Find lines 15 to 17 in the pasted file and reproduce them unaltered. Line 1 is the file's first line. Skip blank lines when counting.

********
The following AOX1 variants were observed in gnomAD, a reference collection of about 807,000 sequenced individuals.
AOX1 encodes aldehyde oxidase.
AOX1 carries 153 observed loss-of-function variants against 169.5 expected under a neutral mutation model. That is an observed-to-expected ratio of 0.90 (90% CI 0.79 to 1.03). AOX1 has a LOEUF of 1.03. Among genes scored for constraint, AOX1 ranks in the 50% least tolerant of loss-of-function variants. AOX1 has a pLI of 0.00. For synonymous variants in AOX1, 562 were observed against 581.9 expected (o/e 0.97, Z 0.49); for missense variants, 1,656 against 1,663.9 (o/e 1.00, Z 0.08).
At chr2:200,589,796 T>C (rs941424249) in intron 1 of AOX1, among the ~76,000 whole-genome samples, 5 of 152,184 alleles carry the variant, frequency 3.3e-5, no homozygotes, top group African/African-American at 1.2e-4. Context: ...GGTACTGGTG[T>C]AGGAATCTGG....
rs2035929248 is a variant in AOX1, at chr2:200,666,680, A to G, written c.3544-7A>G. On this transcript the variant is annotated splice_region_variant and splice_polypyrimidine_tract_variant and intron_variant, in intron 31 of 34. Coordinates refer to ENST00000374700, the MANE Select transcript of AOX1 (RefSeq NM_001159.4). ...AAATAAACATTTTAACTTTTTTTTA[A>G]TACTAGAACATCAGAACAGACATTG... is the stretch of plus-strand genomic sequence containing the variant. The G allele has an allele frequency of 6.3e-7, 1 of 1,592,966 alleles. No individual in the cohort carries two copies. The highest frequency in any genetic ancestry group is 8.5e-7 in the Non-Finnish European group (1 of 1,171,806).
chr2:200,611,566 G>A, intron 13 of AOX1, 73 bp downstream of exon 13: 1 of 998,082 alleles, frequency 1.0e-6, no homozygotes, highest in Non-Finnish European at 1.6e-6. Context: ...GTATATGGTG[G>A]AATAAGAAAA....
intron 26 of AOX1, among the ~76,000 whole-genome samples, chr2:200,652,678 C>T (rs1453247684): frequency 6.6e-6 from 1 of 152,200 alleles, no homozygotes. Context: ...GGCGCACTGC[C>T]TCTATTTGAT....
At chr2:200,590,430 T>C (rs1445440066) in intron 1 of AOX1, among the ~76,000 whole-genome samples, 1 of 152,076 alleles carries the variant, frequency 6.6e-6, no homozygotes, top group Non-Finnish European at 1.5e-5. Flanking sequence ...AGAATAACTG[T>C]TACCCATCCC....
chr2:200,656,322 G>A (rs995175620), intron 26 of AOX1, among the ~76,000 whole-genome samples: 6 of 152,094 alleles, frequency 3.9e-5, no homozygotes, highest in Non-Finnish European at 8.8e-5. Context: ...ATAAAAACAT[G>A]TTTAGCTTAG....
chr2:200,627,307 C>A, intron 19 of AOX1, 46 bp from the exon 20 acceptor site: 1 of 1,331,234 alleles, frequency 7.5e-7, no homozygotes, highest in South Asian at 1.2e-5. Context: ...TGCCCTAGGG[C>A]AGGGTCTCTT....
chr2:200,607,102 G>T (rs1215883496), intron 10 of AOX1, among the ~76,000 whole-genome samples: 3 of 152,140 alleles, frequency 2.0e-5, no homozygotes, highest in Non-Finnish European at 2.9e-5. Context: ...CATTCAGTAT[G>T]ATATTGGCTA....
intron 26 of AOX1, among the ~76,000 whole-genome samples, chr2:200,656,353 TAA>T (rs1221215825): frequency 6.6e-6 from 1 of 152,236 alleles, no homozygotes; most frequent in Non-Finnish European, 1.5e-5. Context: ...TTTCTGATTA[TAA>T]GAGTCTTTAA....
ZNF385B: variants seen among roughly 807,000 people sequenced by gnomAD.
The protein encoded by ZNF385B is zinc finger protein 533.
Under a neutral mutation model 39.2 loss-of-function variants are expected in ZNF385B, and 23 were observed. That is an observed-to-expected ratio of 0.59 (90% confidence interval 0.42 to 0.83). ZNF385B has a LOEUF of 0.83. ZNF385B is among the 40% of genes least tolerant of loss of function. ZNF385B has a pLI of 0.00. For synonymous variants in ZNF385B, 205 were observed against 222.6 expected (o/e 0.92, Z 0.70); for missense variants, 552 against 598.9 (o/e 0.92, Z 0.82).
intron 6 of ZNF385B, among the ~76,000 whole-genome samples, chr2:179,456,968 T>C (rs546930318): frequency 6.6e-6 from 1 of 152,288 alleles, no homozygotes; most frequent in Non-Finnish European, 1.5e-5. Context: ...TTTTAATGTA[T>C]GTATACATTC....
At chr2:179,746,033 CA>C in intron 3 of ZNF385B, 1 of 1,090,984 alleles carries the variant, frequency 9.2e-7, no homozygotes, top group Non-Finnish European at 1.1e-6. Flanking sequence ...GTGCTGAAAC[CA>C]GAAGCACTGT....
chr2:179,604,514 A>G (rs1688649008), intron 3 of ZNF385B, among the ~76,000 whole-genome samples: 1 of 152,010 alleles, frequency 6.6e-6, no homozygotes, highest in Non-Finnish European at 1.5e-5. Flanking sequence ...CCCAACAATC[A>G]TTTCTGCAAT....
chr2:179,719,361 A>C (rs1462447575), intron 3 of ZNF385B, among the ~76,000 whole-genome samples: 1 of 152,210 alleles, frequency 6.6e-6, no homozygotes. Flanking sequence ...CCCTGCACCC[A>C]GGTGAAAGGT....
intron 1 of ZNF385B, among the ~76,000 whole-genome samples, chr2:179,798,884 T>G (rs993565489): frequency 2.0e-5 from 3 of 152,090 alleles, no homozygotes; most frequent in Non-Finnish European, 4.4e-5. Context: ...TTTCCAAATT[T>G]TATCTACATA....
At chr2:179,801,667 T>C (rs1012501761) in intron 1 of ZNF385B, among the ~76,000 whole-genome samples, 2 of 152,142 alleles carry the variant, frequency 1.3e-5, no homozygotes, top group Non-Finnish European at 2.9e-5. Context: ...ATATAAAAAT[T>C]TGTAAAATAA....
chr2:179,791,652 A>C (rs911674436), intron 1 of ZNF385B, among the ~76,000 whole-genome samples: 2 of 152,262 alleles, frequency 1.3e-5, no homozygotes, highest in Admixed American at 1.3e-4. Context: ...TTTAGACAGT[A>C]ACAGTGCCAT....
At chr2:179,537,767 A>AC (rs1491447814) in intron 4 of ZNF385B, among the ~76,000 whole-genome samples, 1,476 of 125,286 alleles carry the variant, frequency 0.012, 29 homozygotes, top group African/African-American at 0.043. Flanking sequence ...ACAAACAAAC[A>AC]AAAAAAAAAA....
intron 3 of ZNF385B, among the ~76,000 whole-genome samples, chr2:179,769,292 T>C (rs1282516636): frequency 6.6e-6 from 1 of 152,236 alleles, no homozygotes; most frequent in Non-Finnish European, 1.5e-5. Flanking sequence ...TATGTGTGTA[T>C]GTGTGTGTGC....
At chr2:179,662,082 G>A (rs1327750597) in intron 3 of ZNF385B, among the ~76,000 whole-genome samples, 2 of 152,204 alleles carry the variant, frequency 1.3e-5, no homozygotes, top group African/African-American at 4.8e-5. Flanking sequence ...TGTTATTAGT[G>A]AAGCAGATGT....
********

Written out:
Under a neutral mutation model 39.2 loss-of-function variants are expected in ZNF385B, and 23 were observed. That is an observed-to-expected ratio of 0.59 (90% confidence interval 0.42 to 0.83). ZNF385B has a LOEUF of 0.83. ZNF385B is among the 40% of genes least tolerant of loss of function. ZNF385B has a pLI of 0.00. For synonymous variants in ZNF385B, 205 were observed against 222.6 expected (o/e 0.92, Z 0.70); for missense variants, 552 against 598.9 (o/e 0.92, Z 0.82).
intron 6 of ZNF385B, among the ~76,000 whole-genome samples, chr2:179,456,968 T>C (rs546930318): frequency 6.6e-6 from 1 of 152,288 alleles, no homozygotes; most frequent in Non-Finnish European, 1.5e-5. Context: ...TTTTAATGTA[T>C]GTATACATTC....
At chr2:179,746,033 CA>C in intron 3 of ZNF385B, 1 of 1,090,984 alleles carries the variant, frequency 9.2e-7, no homozygotes, top group Non-Finnish European at 1.1e-6. Flanking sequence ...GTGCTGAAAC[CA>C]GAAGCACTGT....